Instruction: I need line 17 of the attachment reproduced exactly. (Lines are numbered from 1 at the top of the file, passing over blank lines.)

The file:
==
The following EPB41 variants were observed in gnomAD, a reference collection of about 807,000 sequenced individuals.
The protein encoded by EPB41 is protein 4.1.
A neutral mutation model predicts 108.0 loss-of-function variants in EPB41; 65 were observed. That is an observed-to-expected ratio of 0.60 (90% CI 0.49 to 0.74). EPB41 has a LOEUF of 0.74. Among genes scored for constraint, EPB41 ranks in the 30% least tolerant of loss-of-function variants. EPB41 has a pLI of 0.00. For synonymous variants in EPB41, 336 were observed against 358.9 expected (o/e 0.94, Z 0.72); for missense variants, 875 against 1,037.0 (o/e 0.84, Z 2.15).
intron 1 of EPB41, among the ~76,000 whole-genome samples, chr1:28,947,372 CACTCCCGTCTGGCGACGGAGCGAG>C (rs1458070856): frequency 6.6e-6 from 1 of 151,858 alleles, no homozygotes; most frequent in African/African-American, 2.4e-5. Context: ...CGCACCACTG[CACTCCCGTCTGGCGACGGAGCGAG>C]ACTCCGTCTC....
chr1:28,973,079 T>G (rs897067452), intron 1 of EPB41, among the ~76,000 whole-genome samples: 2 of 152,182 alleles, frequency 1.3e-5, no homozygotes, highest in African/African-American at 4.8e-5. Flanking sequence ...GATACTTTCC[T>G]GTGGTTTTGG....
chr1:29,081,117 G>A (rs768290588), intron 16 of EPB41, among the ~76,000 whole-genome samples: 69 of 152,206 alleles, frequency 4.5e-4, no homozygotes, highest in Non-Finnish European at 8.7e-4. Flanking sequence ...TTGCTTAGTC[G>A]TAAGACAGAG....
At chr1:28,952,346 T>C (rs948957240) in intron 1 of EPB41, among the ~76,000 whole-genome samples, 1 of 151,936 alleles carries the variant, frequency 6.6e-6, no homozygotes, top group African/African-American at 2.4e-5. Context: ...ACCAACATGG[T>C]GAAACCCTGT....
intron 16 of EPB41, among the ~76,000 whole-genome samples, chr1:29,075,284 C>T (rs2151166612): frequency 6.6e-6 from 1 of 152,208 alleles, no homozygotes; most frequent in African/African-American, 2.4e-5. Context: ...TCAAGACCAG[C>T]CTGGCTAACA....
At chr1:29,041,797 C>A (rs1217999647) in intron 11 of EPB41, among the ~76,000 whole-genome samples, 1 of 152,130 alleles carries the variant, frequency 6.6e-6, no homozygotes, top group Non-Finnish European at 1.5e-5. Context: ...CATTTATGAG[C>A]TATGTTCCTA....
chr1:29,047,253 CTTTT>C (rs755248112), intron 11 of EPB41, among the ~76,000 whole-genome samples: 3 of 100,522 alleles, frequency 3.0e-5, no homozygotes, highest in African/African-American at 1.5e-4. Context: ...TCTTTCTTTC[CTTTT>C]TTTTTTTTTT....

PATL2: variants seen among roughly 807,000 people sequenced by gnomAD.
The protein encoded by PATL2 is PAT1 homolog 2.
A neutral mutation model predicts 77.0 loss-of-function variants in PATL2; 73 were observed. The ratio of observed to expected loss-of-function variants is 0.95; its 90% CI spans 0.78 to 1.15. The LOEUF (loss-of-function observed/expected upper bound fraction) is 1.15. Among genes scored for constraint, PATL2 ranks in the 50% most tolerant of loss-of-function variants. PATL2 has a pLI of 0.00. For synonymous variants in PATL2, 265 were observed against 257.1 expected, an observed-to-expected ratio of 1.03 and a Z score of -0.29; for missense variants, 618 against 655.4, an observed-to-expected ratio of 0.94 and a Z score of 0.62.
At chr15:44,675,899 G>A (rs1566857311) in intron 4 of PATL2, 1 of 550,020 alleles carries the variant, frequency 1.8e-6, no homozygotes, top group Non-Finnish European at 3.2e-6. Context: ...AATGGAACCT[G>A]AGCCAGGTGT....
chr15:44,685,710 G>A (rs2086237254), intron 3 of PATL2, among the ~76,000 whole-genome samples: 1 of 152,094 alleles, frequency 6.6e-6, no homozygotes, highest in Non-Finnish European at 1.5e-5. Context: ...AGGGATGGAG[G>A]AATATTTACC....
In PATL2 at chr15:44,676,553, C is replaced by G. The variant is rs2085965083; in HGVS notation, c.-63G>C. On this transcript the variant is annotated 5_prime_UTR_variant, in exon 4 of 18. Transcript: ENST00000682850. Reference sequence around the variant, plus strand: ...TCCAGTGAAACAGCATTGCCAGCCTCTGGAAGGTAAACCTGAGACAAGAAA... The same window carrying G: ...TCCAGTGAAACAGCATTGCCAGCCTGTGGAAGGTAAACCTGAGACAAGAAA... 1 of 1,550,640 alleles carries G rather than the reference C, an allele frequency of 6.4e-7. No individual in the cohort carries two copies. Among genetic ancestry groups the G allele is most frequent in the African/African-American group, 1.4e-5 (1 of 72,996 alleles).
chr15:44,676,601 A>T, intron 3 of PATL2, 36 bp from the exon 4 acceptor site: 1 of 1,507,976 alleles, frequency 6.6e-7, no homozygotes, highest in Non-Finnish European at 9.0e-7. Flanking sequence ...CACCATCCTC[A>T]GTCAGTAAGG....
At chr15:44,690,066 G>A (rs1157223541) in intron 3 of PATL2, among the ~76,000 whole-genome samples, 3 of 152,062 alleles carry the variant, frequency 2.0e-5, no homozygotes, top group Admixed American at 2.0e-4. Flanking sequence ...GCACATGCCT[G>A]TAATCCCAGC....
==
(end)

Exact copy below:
chr15:44,676,601 A>T, intron 3 of PATL2, 36 bp from the exon 4 acceptor site: 1 of 1,507,976 alleles, frequency 6.6e-7, no homozygotes, highest in Non-Finnish European at 9.0e-7. Flanking sequence ...CACCATCCTC[A>T]GTCAGTAAGG....